There are tons of freely available wiki websites out there where anyone can start their own wiki page anytime.  Such as WikidotPbwiki and Wetpaint, to name a few.   These sites offer easy and free sign up, setup and support.   Most offer step by step instructions on how to use their site as well as training videos.  Along with that most have good and active forums where you can obtain valuable support.  Even if you don’t have an idea in mind, start a page and see where it leads you…
So… we found out what a wiki is, who made it and a brief history about it, also we looked into where wiki’s are and some of those using them.   However, even with all that information there is still that, “why” should I/we join all those others that are jumping off that bridge?   Why should I, it has its dangers…

Well, what are the common issues?  There is the fact that Wiki’s are “open” documents, anyone can edit it, change it and not always for the good.  Yes, this is true and there is going to be a bit of trust involved with a wiki, but the beauty is the ability to change it.  Information out of date?  Change it.   Information incorrect?  Change it.  Wiki page completely messed up?  Use the history and upload an earlier revision.  It is a simple matter to fix the problems.   Ok, well if wiki’s are open and I want to use one in my k-12 school/classroom how do I protect my students information?   Indeed there is a sizable need to protect under aged students information and it is best to seek out your school districts policies.  However, it is still worth the effort to use a wiki, even if it must remain restricted within the classroom/school.   Your school can learn the ins and outs and then the benefits of wikiing and may in turn re-evaluate restrictions based on good computing and security practices created from its use.  There is also a concern for copyright infringement.  This can certainly be very difficult to ascertain and track.  There are several ways to combat this,  primarily, teaching good source documentation practices.   Why reinvent the wheel, if the information is already out there, point to it, quote it, and then source it.  This is a great use for wiki’s, a store house for all of your great class links.  Get familiar with copyright laws and “fair use”, there are a ton of good sites that can give it to you in layman’s terms.  One really good one is the Electronic Frontier Foundation’s FAQ on “Fair Use”.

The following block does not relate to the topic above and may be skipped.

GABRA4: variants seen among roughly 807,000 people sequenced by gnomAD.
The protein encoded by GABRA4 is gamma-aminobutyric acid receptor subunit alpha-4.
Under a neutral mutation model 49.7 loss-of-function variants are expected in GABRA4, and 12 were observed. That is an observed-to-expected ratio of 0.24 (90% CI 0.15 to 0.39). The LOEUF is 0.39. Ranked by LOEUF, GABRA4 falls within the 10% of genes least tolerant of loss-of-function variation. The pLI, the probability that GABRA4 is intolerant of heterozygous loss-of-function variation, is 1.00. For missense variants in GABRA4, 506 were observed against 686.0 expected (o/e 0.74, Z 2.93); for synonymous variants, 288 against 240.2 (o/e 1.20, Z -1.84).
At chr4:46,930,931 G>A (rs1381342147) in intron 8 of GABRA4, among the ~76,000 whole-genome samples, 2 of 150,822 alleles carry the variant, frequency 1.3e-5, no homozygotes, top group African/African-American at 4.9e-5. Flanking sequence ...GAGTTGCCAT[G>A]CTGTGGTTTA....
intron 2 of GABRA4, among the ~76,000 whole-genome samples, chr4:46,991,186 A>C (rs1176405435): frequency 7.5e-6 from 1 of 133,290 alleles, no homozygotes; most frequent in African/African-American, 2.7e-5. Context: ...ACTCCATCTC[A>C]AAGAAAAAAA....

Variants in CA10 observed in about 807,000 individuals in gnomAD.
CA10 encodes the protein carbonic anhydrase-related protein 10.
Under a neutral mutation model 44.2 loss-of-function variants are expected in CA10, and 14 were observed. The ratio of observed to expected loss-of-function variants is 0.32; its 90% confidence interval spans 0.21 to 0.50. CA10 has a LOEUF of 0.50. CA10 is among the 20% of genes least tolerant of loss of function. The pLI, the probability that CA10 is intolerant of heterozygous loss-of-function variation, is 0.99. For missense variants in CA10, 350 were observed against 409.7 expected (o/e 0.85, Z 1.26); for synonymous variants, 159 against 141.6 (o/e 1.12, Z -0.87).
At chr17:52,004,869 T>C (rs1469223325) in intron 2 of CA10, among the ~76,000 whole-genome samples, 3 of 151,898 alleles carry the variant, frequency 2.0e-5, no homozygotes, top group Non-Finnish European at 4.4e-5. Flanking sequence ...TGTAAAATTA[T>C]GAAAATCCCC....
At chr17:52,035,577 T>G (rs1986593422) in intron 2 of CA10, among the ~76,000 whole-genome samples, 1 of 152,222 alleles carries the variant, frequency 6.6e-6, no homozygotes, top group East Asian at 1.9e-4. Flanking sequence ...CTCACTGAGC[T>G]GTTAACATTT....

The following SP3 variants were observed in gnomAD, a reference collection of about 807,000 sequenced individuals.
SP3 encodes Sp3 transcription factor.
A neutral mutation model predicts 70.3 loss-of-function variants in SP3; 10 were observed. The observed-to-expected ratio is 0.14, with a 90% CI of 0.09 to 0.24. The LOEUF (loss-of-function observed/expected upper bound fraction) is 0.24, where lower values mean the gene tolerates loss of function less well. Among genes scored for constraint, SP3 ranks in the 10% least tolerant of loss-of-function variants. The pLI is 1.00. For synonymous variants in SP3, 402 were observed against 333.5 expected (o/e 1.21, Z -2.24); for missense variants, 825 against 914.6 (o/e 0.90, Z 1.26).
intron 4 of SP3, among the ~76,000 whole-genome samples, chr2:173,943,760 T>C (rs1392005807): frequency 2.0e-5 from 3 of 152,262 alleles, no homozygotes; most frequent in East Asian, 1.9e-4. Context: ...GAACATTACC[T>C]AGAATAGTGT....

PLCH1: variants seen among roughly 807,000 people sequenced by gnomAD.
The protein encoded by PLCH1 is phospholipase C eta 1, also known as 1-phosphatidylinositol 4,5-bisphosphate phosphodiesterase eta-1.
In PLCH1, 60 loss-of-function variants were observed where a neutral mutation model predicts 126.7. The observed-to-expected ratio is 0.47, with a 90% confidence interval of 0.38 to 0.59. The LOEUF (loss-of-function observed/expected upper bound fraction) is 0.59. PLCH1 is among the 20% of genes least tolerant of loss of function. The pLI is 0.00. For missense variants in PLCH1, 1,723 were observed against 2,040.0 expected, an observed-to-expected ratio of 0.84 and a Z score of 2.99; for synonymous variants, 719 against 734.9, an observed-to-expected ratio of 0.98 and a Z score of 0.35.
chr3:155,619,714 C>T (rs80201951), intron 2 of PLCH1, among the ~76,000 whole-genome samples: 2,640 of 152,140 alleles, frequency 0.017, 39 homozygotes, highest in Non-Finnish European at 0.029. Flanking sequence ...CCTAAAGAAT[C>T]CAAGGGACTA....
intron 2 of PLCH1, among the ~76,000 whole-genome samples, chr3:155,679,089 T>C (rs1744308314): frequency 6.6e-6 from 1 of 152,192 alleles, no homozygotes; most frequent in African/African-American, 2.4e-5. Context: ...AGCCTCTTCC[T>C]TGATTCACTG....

Maybe your fears are not completely settled but here is a short list of what you may be missing out on…
A space for writing exercises and practice
A space for group project collaboration
A space for book discussions
A space for planning
A space of development
A space for leaning

Have you seen your wiki today?

Sources:

http://en.wikipedia.org/wiki/Image:HNL_Wiki_Wiki_Bus.jpg – PPT slide background image
http://meta.wikimedia.org/wiki/List_of_Wikipedias – wiki stats
http://www.uwm.edu/Libraries/courses/wiki/1.html – background information about wiki’s
http://www.classroom20.com/forum/topics/649749:Topic:34241  – Effective  use of wiki’s discussion
http://www.techlearning.com/story/showArticle.php?articleID=196604182 – Wiki word definition
http://www.oreillynet.com/pub/a/network/2006/07/07/what-is-a-wiki.html – General information about wiki’s